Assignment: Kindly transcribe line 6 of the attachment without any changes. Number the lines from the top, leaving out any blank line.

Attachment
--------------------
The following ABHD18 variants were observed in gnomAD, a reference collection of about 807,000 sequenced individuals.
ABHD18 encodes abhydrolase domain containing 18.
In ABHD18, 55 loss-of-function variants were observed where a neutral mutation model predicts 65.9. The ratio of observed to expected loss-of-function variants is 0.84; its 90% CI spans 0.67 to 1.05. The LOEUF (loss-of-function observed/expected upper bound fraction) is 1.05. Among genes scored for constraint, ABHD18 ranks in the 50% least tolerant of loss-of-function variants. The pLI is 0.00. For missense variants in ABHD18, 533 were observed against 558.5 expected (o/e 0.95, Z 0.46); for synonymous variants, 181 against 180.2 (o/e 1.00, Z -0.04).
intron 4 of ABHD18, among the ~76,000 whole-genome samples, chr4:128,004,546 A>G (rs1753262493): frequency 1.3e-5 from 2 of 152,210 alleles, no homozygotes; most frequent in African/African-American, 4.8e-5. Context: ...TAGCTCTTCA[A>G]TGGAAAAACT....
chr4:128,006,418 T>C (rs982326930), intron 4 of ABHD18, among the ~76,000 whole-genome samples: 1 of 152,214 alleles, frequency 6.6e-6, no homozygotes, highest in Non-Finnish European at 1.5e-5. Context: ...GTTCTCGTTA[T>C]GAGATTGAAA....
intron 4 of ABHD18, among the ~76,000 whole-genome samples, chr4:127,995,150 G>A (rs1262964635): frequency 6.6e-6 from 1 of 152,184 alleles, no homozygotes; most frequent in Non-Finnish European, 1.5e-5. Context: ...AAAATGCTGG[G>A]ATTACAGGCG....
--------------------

intron 4 of ABHD18, among the ~76,000 whole-genome samples, chr4:127,995,150 G>A (rs1262964635): frequency 6.6e-6 from 1 of 152,184 alleles, no homozygotes; most frequent in Non-Finnish European, 1.5e-5. Context: ...AAAATGCTGG[G>A]ATTACAGGCG....